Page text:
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Green scheduling and resource allocation in clustered dense small cells.

Yang, Ting (2018) Green scheduling and resource allocation in clustered dense small cells. Doctoral thesis, University of Surrey.

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Abstract

Future communication networks promise to provide ubiquitous high-speed services for numerous users, as such, it is envisioned that one of the key aspects of the next generation of communication network is the deployment of different types of access points, e.g. small cells (SCs), on a massive scale. Meanwhile, energy efficiency (EE) has become an important feature for designing the next generation of communication networks and offering good user experience to all users while incurring low operational cost to the operators. In this context, this thesis focuses on the design of a novel green scheduling framework for improving both the EE and user fairness in the underlay HetNet scenario. Focusing on the user/subcarrier allocation, we design an EE-based allocation boundary which dynamically categorises users into inner area and cell-edge users. Our dynamic resource allocation boundary is updated at every scheduling interval such that it can capture the time-varying characteristics of the mobile networks, contrary to the fixed boundaries used in long-term planning schemes (e.g. fractional frequency reuse). This dynamic allocation boundary is used to design a green scheduling scheme and can improve the EE of an underlay HetNet system by up to 70% as compared to existing schemes. Focusing on the power allocation algorithm, a low-complexity energy-efficient power allocation algorithm is designed to coordinate the macro and underlay SCs and fully exploit the transmit power reduction capability of SCs. By applying a symmetric user grouping method, it is shown that the original non-convex EE optimisation problem can be transformed into a pseudo-convex problem, where the optimal power allocation can be obtained for a given user/subcarrier allocation. This energy-efficient power allocation algorithm is further incorporated with the dynamic allocation boundary which improves the EE (up to 70%) and user fairness (up to 50%) compared to existing algorithms in the underlay HetNet.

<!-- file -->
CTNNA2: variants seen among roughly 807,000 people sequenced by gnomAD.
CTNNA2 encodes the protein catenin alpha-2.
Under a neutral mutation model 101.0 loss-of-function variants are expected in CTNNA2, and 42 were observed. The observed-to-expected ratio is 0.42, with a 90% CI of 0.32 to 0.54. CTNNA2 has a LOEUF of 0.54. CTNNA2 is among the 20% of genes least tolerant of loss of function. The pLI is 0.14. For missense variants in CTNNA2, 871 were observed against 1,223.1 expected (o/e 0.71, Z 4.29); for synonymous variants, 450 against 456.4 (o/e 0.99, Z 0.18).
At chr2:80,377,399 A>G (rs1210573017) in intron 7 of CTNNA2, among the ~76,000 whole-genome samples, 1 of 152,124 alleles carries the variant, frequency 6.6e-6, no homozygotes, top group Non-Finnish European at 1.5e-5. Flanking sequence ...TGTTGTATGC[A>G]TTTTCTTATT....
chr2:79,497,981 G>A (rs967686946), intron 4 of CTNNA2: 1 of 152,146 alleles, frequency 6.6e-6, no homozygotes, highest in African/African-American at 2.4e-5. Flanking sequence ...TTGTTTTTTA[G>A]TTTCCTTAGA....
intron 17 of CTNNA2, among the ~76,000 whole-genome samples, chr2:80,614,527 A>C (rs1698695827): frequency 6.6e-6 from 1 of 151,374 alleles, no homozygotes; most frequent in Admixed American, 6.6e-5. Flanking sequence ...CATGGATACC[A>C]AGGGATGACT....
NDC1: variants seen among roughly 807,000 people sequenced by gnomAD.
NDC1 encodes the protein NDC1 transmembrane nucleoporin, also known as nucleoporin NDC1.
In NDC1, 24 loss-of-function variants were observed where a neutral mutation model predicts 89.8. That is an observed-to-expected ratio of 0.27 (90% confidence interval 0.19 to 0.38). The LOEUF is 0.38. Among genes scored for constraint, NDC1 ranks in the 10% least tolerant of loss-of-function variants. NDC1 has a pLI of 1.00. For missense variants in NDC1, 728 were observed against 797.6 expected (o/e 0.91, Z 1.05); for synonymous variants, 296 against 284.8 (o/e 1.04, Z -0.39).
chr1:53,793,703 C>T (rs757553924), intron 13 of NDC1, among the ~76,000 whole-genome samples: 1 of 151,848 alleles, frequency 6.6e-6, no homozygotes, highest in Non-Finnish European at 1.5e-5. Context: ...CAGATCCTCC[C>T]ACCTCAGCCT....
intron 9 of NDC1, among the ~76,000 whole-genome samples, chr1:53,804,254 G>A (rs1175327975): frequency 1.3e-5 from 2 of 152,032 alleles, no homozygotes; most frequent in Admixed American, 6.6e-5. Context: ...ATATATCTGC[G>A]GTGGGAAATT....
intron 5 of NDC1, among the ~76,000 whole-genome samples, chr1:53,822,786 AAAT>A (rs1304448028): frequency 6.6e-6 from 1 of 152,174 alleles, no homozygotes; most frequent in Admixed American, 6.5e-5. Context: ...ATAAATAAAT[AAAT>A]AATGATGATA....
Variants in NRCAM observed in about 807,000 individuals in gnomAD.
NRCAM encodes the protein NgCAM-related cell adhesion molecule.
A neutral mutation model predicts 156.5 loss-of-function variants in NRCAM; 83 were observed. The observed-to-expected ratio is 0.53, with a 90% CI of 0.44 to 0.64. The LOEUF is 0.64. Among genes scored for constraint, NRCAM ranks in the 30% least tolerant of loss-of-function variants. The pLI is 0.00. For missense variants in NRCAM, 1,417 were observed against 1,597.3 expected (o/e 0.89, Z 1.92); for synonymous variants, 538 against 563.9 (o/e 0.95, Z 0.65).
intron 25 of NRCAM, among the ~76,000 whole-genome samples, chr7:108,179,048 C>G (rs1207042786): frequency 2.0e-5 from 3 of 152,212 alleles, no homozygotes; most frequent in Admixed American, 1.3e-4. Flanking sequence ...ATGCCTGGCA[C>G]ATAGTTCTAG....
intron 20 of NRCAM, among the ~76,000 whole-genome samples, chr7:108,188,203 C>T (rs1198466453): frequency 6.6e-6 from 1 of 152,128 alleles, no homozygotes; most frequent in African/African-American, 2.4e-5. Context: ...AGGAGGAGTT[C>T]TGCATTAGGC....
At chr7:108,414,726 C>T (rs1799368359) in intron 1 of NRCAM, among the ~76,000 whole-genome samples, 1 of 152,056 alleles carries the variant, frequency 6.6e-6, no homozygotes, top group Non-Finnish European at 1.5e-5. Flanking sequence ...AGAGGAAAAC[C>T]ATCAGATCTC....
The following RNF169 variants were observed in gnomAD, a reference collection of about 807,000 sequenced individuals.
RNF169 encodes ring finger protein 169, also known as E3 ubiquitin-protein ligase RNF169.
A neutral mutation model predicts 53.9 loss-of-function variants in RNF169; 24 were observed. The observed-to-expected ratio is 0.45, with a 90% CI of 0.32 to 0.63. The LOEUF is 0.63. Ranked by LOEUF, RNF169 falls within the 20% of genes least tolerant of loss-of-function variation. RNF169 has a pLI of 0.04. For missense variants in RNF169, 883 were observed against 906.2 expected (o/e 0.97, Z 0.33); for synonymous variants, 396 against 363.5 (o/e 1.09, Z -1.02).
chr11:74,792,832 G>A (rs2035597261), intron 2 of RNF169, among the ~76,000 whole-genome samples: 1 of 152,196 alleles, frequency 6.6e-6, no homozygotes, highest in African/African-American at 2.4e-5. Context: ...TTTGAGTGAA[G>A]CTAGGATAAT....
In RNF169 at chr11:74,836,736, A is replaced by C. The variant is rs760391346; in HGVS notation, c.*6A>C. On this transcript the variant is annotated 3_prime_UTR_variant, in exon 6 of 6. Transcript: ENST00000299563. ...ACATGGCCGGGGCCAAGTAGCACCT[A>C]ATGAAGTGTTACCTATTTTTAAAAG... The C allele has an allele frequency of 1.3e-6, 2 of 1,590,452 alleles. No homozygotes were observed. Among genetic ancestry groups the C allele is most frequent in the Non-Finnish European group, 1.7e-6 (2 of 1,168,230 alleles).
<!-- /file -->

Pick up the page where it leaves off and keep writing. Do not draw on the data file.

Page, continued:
Item Type: Thesis (Doctoral)
Divisions : Theses
Authors :
NameEmailORCID
Yang, Ting
Date : 31 July 2018
Funders : Self-funded
Contributors :
ContributionNameEmailORCID
http://www.loc.gov/loc.terms/relators/THSHeliot, FabienF.Heliot@surrey.ac.uk
http://www.loc.gov/loc.terms/relators/THSFoh, Chuanc.foh@surrey.ac.uk
Depositing User : Ting Yang
Date Deposited : 06 Aug 2018 08:12
Last Modified : 09 Nov 2018 16:39
URI: http://epubs.surrey.ac.uk/id/eprint/848612

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